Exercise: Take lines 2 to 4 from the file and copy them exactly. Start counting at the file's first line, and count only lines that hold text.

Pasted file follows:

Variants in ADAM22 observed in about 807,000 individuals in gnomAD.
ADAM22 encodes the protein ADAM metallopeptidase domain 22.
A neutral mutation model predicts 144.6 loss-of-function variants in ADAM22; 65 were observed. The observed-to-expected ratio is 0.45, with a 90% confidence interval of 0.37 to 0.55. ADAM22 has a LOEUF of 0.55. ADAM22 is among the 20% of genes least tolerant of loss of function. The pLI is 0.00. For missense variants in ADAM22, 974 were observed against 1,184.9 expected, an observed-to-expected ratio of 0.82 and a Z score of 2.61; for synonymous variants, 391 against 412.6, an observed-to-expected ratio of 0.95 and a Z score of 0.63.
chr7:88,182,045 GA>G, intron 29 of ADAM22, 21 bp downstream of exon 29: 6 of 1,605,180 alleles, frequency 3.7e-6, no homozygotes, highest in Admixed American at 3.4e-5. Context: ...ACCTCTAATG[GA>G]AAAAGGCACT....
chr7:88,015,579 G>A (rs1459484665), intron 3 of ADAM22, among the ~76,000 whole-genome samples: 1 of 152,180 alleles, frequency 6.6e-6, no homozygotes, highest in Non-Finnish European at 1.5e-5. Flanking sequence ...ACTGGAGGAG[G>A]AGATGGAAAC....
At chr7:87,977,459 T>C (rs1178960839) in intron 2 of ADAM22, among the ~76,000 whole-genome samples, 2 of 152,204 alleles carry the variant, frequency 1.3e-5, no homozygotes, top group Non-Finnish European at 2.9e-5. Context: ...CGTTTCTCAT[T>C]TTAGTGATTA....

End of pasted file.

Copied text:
ADAM22 encodes the protein ADAM metallopeptidase domain 22.
A neutral mutation model predicts 144.6 loss-of-function variants in ADAM22; 65 were observed. The observed-to-expected ratio is 0.45, with a 90% confidence interval of 0.37 to 0.55. ADAM22 has a LOEUF of 0.55. ADAM22 is among the 20% of genes least tolerant of loss of function. The pLI is 0.00. For missense variants in ADAM22, 974 were observed against 1,184.9 expected, an observed-to-expected ratio of 0.82 and a Z score of 2.61; for synonymous variants, 391 against 412.6, an observed-to-expected ratio of 0.95 and a Z score of 0.63.
chr7:88,182,045 GA>G, intron 29 of ADAM22, 21 bp downstream of exon 29: 6 of 1,605,180 alleles, frequency 3.7e-6, no homozygotes, highest in Admixed American at 3.4e-5. Context: ...ACCTCTAATG[GA>G]AAAAGGCACT....